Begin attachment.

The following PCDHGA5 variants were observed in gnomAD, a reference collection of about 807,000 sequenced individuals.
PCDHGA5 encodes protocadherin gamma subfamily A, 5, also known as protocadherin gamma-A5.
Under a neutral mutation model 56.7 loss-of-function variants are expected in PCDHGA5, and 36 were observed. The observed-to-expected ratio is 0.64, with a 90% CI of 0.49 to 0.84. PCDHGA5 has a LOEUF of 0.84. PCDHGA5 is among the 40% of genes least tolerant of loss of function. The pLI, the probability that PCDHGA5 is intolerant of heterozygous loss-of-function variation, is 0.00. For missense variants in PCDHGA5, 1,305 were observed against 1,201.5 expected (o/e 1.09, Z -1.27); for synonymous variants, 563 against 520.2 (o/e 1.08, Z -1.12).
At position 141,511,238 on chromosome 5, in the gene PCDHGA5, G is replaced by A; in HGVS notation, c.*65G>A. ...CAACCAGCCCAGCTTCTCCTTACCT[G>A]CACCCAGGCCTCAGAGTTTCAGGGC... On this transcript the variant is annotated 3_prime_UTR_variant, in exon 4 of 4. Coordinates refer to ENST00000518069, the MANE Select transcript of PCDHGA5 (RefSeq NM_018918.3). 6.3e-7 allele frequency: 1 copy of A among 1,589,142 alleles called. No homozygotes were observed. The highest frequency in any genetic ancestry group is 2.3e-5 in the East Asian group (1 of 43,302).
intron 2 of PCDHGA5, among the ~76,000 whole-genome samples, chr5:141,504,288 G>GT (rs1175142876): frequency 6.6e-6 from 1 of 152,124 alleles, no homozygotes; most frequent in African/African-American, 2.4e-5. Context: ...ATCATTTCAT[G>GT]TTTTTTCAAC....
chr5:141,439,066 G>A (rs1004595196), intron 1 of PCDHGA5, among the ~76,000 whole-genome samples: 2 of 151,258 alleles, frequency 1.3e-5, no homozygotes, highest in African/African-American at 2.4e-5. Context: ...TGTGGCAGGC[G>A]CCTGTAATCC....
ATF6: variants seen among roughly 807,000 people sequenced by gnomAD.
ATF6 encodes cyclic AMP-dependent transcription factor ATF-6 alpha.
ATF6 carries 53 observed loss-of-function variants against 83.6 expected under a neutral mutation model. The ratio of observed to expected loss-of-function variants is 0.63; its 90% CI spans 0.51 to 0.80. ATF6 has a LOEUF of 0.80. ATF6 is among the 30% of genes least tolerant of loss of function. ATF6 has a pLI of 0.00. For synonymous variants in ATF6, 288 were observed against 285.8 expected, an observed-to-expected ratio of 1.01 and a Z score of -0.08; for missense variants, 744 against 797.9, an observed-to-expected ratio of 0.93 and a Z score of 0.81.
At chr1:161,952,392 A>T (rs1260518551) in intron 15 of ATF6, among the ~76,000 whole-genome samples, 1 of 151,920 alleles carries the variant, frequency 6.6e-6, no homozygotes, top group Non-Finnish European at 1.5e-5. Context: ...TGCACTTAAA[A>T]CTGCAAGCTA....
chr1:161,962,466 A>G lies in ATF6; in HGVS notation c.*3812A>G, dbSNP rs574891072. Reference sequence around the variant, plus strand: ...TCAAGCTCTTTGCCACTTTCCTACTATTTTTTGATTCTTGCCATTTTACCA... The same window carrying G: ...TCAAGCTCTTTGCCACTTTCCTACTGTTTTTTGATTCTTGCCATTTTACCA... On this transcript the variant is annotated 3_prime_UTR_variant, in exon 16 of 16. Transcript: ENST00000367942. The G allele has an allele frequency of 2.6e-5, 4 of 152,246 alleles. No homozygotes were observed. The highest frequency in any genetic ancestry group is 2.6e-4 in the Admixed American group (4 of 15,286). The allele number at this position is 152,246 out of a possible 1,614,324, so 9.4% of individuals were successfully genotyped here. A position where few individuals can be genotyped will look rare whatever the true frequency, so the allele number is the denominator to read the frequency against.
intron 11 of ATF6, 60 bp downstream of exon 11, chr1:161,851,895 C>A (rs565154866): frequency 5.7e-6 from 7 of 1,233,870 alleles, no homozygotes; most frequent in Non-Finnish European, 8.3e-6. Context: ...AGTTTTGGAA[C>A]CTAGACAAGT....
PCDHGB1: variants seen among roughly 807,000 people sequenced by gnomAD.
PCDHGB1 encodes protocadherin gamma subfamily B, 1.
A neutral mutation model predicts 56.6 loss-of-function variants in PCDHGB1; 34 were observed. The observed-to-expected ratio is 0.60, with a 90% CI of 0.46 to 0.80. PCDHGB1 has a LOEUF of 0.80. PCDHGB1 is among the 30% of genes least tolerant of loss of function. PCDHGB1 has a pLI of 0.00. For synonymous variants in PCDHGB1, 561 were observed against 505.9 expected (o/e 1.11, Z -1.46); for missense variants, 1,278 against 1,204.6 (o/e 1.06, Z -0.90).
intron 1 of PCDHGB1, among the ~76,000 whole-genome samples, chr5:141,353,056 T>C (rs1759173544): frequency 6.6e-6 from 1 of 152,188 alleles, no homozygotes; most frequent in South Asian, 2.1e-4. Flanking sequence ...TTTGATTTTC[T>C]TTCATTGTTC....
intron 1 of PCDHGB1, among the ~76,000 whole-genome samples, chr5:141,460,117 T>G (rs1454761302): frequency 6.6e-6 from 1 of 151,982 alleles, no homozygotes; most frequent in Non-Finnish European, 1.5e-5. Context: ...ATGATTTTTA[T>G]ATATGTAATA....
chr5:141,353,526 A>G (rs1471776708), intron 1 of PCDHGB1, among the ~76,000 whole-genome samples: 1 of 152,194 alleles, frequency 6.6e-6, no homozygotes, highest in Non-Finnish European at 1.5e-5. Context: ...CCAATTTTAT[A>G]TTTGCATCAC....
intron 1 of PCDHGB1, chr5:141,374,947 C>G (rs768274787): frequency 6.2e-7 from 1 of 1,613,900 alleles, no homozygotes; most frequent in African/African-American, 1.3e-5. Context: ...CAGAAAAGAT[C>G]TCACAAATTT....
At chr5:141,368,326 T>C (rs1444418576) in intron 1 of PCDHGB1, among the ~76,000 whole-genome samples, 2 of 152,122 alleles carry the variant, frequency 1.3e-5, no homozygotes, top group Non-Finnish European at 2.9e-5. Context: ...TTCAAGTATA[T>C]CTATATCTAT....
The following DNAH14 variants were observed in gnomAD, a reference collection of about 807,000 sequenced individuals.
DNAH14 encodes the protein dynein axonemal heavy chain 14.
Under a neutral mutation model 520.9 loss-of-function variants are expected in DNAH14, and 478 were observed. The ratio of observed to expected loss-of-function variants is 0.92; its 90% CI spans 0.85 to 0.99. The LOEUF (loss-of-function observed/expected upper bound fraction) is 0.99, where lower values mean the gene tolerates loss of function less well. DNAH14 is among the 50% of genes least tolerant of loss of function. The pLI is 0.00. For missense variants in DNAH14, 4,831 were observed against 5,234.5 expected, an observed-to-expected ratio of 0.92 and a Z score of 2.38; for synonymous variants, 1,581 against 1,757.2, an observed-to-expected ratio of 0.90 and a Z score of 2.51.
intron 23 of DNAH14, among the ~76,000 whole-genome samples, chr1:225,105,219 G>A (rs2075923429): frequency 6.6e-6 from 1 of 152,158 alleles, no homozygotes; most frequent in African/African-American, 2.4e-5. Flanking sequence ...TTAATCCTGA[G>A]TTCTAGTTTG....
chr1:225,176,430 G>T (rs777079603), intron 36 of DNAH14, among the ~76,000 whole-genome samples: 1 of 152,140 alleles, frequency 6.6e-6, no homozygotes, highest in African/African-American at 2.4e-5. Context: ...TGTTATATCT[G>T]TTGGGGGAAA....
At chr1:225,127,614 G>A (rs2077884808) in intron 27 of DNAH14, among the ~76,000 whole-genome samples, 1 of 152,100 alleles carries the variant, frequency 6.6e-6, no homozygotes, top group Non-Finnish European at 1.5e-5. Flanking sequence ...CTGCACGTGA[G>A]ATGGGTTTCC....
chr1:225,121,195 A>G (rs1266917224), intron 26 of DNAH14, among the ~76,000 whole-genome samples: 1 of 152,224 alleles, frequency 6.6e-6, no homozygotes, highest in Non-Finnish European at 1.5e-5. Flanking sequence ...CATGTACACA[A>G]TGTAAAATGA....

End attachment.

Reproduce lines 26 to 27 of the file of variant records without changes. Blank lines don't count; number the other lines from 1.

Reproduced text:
At chr1:225,127,614 G>A (rs2077884808) in intron 27 of DNAH14, among the ~76,000 whole-genome samples, 1 of 152,100 alleles carries the variant, frequency 6.6e-6, no homozygotes, top group Non-Finnish European at 1.5e-5. Flanking sequence ...CTGCACGTGA[G>A]ATGGGTTTCC....
chr1:225,121,195 A>G (rs1266917224), intron 26 of DNAH14, among the ~76,000 whole-genome samples: 1 of 152,224 alleles, frequency 6.6e-6, no homozygotes, highest in Non-Finnish European at 1.5e-5. Flanking sequence ...CATGTACACA[A>G]TGTAAAATGA....